So where's it all going ?

You either get fishing or you don't. I understand perfectly why this sport simply does not do it for a lot of people, indeed sometimes I think fishing can actually be its own worst enemy - but I love fishing with a passion that simply refuses to diminish, but I also passionately believe that fishing needs to be "pushed" in the right way. Without new people coming into the sport, and without new ideas, new methods and techniques, what happens then ? You can see why I have so much time for the people within fishing who I believe are helping to (by various and personal means) promote fishing in the best possible light. I can only ever be as good as the people I am lucky enough to work with and around..............and the lads I have just worked with in Jersey are right up there as some of the most talented, forward-thinking and generous anglers I have ever met. What gives me perhaps the biggest kick is that all this thinking and driving forward is concerned with "our" fishing.

So where is saltwater fishing going these days ? It's exciting times if you ask me. A few years ago I was worried that the whole thing was stagnating a bit, but the more I get into lure fishing, the more I just feel so positive about the future. I have all the time in the world for the "traditional" approach of two beachcasters in a tripod kind of thing, indeed I am proud to come from that world as such, but you can't get away from the fact that a lot of it is now (sadly) about chasing fewer and fewer decent fish. And you have to ask the question - how far can "traditional" sea fishing in the UK be pushed forward ? But the chance for growth and development within saltwater and freshwater lure fishing strikes me as something wildly exciting.

OK, so if we put the chasing of bass on all manners of lures aside for the moment, what do we have ? I will tell you what really struck home to me on my Jersey trip - fun. The guys are just having huge fun chasing all manner of fish on different set ups, whatever the size of fish, and whatever lures they need to use. Honestly, much as a part of it is about pushing the boundaries and seeing what can happen, the main aim is simply to catch more fish. And by catching more fish, you can't help but learn more about how to get better and better. More fish equals a whole lot more fun, and catching fish with balanced tackle is one hell of a good way to promote our sport in the best possible light. Hence I give these kinds of anglers the credit they deserve. Look at the photo of Keith above - fun fishing on light gear. Balanced gear. Enjoying what is in front of you. Why not catch what is out there and have a load of fun doing so ?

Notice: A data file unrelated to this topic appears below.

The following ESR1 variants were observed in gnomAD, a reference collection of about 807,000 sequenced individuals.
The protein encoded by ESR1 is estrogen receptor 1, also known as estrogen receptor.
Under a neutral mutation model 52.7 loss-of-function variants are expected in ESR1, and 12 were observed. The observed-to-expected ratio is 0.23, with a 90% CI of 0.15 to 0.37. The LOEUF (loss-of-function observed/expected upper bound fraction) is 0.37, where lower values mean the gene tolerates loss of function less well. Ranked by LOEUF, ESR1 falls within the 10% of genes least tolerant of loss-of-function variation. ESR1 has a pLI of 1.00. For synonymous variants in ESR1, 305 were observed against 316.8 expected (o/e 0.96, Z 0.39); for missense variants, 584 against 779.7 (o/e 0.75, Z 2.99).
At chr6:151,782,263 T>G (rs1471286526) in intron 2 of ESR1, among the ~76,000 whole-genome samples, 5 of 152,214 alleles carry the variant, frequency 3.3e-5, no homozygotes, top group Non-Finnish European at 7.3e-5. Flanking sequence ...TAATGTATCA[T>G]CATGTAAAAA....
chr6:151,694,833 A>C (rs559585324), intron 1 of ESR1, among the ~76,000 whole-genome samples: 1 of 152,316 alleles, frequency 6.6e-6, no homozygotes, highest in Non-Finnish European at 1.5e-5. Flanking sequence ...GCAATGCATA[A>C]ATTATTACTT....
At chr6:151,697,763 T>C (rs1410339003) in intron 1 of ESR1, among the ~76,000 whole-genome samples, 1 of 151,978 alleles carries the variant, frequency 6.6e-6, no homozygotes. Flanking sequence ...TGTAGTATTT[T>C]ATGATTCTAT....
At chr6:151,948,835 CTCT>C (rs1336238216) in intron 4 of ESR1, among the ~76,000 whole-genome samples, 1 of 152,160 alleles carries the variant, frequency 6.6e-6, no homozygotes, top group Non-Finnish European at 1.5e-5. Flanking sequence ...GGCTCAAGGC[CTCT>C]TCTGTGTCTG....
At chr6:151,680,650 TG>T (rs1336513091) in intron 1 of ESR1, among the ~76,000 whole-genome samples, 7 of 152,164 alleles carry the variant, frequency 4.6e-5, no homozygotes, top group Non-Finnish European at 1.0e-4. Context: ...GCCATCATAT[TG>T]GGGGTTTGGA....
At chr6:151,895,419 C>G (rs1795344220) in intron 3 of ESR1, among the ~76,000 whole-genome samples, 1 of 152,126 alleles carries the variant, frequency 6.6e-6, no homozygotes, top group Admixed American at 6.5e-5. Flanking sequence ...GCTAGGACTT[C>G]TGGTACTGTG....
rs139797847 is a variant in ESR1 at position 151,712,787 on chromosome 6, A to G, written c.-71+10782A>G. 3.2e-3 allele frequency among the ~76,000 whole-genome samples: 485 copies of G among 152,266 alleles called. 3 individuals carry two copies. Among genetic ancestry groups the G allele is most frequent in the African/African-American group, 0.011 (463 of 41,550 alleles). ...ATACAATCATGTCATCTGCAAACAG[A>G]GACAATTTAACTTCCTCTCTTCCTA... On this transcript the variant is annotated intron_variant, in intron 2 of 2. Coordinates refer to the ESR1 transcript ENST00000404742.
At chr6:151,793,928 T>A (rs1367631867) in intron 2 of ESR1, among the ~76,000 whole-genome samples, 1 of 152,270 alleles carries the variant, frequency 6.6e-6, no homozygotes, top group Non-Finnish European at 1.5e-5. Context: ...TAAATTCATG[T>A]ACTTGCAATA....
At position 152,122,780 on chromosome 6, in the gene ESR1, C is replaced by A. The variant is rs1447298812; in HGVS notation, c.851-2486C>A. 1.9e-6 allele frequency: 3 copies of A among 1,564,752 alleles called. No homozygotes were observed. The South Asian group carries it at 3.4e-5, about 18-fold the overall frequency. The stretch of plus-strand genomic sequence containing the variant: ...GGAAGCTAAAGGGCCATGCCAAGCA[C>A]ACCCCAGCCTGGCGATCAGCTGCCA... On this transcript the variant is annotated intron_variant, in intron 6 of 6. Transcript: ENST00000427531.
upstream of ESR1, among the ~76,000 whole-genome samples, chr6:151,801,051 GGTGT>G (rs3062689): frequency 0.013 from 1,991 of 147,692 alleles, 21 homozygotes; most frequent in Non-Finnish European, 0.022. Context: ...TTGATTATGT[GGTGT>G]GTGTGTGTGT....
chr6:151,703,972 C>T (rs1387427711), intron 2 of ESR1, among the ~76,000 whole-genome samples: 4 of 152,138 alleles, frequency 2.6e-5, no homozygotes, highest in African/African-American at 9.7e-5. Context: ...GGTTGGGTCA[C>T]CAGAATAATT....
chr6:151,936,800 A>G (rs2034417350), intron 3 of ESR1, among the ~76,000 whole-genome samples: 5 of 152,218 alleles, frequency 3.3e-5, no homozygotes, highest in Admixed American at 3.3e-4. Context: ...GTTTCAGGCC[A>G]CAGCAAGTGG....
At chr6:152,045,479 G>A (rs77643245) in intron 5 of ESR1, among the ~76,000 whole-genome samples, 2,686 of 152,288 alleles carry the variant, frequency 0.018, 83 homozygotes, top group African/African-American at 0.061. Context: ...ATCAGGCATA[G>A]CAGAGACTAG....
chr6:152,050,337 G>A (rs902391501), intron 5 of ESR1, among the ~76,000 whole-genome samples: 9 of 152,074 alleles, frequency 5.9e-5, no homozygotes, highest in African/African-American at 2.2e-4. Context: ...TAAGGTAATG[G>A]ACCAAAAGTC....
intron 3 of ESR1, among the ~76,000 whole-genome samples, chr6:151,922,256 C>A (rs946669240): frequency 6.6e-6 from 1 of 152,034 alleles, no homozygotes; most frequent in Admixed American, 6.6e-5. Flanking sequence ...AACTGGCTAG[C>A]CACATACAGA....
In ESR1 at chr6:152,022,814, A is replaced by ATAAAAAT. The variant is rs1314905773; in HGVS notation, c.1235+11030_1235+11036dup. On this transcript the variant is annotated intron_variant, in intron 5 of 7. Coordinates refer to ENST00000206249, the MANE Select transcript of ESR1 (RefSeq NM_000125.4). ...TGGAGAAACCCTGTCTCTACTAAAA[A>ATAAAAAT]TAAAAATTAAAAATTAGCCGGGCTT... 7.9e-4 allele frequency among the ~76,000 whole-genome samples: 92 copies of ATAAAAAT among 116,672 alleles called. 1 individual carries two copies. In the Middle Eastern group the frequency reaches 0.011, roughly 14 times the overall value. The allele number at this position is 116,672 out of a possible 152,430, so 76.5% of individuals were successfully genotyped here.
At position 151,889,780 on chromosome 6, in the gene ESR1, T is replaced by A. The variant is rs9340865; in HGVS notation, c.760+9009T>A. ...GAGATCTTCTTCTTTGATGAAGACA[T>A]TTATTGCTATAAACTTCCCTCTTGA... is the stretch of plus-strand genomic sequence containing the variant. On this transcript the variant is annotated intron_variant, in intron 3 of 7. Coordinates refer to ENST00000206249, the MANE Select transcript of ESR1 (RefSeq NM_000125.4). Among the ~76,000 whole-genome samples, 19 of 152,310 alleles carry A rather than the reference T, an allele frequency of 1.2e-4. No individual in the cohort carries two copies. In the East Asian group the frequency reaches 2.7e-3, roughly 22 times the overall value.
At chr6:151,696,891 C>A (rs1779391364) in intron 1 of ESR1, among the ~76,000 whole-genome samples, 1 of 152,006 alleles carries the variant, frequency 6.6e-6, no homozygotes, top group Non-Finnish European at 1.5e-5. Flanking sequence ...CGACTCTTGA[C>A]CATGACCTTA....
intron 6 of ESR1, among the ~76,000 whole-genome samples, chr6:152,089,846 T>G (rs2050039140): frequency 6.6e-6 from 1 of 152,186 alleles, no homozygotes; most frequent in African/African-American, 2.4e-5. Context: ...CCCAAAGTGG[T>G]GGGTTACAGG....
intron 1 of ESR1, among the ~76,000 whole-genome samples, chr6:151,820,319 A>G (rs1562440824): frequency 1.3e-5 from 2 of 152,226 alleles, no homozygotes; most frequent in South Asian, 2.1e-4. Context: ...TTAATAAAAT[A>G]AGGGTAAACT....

What are the chances of wrasse becoming one of our saltwater species that we end up putting in the same category as say bass, pollack and mackerel ? In other words, that the wrasse becomes a species we think about catching on lures as commonly we we think of catching bass and pollack etc. I don't know. But why not ? I learnt a long time ago not to write anything off in fishing. We tend to have lots of them, and I am fast learning that smashing them on soft plastics is way more than some gimmick. It's huge fun, and they love lures !! I am at day zero on the learning curve, I have no problem admitting that, but I love the fact that fishing like this is always evolving. Who knows where it's all going ?

Light gear, travel lightly (if you aren't carrying camera gear !!), think on your feet, adapt all the time, experiment, try different things - fish with people, share information, help to drive things onwards and upwards. Think about how fast this stuff is moving. It wasn't that long ago that I was looking at spinning rods as no more than some kind of "add on" to my range of beachcasters. How different it all is now. I am the lucky one here, because through my work I get to fish and photograph with all kinds of people doing all kinds of fishing. Even if we just take UK, French and Irish bass and saltwater lure fishing, I am getting to see loads of it. I get to see how different anglers approach "their" waters. The more that this kind of information and knowledge travels around, the better. What I love is that there are no hard and fast rules here. My mind is whirring away with the methods that Keith and Kevin White used on "their" Jersey bass at night for example. Where else might this approach pay dividends ? Makes me think, and any sport that engages my brain as much as fishing does gets me in a big way. Let's keep at it and see where it goes...............

And talking more about excitement, I am heading over to Ireland next Wednesday for a week or so of bass fishing and photography - a bunch of us are going over and staying in a new area to us. Talk about looking forward to it. I have got plenty of bits and pieces of gear to take over and try out on the Irish bass, including rods, reels, lines, clothing and of course a few lures !! Loads to learn. Bring it on.